The Department of Finance (DoF) wants to make it easier for credit unions (CUs) to switch from provincial to federal regulation. It issued this release today.
The DoF’s aim is to address the concerns of CUs, which are currently provincially supervised. Those concerns revolve around things like federal deposit insurance and restrictions on insurance sales.
From a mortgage standpoint, however, a move to federal rules would be a mixed bag.
For one thing, it would put CUs that elect federal regulation under the oversight of banking regulator Office of the Superintendent of Financial Institutions (OSFI). That means much of the lending flexibility of those credit unions (e.g., lower qualification rates, higher loan-to-values on HELOCs, etc.) would be eliminated.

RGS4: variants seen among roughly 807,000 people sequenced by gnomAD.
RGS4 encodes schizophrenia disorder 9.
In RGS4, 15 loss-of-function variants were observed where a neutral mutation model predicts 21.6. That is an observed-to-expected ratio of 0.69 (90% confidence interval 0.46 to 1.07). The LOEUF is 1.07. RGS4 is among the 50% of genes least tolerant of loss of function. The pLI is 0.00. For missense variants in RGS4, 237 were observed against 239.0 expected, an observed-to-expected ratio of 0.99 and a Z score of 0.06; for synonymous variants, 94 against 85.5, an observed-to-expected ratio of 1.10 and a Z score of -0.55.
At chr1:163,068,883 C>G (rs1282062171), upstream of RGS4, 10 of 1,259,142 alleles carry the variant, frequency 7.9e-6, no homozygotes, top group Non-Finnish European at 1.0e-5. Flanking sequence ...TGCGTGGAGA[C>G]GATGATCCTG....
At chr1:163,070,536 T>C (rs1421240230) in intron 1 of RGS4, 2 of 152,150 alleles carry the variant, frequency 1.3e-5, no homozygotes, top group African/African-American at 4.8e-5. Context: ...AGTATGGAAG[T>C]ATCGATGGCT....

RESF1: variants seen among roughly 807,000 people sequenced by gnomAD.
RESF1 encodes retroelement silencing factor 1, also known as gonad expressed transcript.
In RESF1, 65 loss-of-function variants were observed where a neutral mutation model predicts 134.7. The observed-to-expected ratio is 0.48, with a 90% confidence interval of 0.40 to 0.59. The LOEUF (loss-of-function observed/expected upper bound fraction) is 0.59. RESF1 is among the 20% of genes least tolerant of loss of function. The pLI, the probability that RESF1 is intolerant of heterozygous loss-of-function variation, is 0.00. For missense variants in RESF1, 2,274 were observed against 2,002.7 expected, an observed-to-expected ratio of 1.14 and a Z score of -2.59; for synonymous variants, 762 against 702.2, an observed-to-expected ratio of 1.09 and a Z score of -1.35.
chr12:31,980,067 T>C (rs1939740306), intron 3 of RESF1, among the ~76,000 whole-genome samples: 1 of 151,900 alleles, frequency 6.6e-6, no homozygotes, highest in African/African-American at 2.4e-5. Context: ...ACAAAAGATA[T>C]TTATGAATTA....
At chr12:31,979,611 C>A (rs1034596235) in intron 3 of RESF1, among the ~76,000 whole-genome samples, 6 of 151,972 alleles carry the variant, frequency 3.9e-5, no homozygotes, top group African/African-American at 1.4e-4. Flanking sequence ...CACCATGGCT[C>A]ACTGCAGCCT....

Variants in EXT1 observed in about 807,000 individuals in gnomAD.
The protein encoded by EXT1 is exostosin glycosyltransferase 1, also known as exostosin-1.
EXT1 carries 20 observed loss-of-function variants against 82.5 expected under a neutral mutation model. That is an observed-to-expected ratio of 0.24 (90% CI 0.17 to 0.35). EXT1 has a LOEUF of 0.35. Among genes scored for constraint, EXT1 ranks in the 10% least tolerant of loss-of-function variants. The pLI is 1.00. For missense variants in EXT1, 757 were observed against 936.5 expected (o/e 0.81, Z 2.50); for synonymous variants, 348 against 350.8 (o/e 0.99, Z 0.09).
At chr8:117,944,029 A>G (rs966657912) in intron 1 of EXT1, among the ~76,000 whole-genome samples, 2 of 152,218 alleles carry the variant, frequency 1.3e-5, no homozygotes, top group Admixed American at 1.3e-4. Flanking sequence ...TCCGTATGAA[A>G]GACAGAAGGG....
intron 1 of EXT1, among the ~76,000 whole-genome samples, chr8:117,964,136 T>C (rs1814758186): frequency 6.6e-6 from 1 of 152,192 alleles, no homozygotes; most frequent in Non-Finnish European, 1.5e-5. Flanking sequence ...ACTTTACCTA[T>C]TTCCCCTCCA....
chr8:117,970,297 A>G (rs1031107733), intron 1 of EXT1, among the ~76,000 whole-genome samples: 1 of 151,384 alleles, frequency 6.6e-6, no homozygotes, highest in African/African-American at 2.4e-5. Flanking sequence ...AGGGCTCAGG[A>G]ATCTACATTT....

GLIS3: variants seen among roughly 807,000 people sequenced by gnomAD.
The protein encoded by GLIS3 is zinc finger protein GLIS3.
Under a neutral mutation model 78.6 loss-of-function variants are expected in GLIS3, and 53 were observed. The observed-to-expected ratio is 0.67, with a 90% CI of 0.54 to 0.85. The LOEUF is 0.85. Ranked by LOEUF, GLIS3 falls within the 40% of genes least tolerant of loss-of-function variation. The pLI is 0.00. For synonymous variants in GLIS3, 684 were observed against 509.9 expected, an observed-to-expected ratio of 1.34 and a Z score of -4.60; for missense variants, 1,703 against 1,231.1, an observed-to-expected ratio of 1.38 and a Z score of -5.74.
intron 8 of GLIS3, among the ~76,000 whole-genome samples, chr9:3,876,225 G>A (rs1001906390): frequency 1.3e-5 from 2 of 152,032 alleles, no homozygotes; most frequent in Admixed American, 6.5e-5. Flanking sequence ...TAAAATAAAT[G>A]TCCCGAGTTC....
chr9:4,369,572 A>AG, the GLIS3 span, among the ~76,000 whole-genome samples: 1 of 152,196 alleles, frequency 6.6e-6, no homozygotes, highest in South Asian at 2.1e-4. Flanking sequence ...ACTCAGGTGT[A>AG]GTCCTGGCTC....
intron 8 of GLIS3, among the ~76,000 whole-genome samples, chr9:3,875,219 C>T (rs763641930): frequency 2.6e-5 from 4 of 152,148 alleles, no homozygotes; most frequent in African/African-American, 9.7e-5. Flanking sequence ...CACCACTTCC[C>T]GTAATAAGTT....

On the other hand, bigger and better capitalized national credit unions could see improvements in funding ability, brand recognition and consumer uptake, providing increased mortgage competition to the Big 6.
Flaherty says, “A number of credit unions have expressed interest in going federal. So far, however, few CUs have publicly proclaimed that interest. BC’s Coast Capital and Ontario’s Meridian Credit Union are two that have.”
Almost 1/3 of Canadians are credit union or caisse populaire members, according to the press release. CUs are also the only brick and mortar financial institution in over 340 communities across the country, says the Credit Union Central of Canada.
Rob McLister, CMT